The Dropout Review: Amanda Seyfried Channels Elizabeth Holmes In This Highly Watchable Miniseries

The trial of Elizabeth Holmes officially concluded earlier this year, but that certainly didn't mark the end of her name flashing across headlines. Hollywood has taken a very special interest in the tech icon turned guilty fraudster, especially given the persistent popularity of true crime, where a story like hers has enough weight to inspire a miniseries (or two). Scammer stories and Silicon Valley downfalls are the talk of the town, an obsession proven by the various films and TV shows slated to hit screens later this year, each tracing the rise and fall of tech companies, charismatic CEOs, and the briefly successful scams they ran on unsuspecting victims. Between the proximity of their release and the mirrored strictures, they share so much in common that the repetition is bound to become grating. And it certainly doesn't help that most center on events so recent we can still recall the detailed coverage. How many times can we watch the same story unfold? And why watch the fictional version when we can stick to the facts?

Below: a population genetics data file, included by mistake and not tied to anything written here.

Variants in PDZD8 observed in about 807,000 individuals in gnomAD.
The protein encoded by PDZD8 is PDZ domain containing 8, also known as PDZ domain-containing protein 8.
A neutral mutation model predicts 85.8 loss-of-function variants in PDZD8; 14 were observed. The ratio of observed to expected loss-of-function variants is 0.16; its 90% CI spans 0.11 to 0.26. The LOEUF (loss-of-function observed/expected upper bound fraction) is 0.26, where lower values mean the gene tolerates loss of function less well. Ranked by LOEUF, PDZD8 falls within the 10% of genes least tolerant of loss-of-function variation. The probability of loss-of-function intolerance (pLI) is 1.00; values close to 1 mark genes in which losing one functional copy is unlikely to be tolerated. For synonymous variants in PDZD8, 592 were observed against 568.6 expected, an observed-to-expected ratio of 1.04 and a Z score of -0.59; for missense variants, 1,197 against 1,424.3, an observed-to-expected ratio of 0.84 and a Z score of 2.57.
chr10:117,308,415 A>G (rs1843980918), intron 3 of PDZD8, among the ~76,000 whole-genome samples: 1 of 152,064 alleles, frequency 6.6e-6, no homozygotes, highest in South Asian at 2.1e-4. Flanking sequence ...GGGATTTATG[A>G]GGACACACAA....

"The Dropout" is busy enough just retelling the story of Holmes' whirlwind rise to prominence and inevitable downfall, but doubles its load to take on these questions, making the space to justify its own existence. Is the series required reading because it offers insight into the Holmes story? Not quite. After all, it adapts the ABC podcast of the same name. Dramatizing the story eviscerates our ability to find direct truth in its finer details — if you need an accurate retelling of Holmes' story, there's endless news coverage, podcasts, books, and probably a docuseries in the works. This has to be something different that offers something new. So beyond its memorable performances and easy watchability, "The Dropout" also vyes for greater depth. Will you find that depth in the doubt that plagues Elizabeth Holmes? The fear of being left behind creeping up on elites of the past, like Jay Rosan? Or the crushing anxiety that haunts lab workers, Ian Gibbons, Erika Cheung, and Tyler Shultz? It goes without saying that this story is compelling, but "The Dropout" shines when pushed beyond its retelling, to make the human element the star of the show.

The very watchable downfall of Elizabeth Holmes